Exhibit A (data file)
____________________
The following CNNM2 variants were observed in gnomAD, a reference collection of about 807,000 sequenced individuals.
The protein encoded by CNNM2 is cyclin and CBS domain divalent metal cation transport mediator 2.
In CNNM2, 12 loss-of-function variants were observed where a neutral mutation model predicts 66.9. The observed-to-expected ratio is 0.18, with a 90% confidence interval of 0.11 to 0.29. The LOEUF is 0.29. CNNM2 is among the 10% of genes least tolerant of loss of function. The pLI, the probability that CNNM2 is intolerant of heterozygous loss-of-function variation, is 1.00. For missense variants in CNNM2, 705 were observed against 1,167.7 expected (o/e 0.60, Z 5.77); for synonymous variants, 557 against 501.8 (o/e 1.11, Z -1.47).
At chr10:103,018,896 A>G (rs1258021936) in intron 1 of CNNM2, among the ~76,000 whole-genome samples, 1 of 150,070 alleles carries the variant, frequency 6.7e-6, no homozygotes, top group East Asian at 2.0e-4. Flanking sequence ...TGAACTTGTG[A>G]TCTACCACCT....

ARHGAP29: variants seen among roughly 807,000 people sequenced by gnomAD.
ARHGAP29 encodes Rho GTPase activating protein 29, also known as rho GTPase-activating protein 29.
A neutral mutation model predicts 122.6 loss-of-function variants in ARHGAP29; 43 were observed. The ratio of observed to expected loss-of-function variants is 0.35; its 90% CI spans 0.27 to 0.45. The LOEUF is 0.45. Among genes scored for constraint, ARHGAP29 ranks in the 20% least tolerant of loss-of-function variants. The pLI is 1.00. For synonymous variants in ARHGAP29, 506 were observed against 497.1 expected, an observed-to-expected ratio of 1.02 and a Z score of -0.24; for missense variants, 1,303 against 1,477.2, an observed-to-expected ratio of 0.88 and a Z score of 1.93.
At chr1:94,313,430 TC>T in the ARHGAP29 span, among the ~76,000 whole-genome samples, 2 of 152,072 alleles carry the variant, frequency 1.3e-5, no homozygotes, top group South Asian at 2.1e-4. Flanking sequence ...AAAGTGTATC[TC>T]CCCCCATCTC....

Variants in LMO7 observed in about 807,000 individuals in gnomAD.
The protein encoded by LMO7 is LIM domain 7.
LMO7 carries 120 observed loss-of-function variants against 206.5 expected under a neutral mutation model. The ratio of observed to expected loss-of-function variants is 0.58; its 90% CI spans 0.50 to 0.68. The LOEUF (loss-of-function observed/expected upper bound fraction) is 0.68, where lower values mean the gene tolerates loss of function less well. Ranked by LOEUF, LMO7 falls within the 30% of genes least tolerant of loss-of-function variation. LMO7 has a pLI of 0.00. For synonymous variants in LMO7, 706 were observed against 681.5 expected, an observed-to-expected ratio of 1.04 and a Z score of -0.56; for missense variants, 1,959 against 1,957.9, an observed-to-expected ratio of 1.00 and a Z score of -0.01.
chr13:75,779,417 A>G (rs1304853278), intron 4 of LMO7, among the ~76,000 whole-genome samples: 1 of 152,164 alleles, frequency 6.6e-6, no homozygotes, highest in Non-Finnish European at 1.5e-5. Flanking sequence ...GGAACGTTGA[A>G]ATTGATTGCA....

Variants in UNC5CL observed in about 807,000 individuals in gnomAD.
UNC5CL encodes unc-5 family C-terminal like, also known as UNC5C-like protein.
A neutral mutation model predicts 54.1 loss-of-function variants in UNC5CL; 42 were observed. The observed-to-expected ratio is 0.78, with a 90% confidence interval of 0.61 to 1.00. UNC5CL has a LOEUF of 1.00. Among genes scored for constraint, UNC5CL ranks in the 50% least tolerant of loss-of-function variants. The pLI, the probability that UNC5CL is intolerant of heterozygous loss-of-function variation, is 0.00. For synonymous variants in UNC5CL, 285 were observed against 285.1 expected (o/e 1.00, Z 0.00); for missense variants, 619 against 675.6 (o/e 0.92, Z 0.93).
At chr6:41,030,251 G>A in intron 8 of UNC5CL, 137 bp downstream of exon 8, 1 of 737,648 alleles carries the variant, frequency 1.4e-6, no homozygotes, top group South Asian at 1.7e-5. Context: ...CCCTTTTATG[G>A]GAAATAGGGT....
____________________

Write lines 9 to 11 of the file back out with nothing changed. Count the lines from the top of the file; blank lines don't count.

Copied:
Variants in LMO7 observed in about 807,000 individuals in gnomAD.
The protein encoded by LMO7 is LIM domain 7.
LMO7 carries 120 observed loss-of-function variants against 206.5 expected under a neutral mutation model. The ratio of observed to expected loss-of-function variants is 0.58; its 90% CI spans 0.50 to 0.68. The LOEUF (loss-of-function observed/expected upper bound fraction) is 0.68, where lower values mean the gene tolerates loss of function less well. Ranked by LOEUF, LMO7 falls within the 30% of genes least tolerant of loss-of-function variation. LMO7 has a pLI of 0.00. For synonymous variants in LMO7, 706 were observed against 681.5 expected, an observed-to-expected ratio of 1.04 and a Z score of -0.56; for missense variants, 1,959 against 1,957.9, an observed-to-expected ratio of 1.00 and a Z score of -0.01.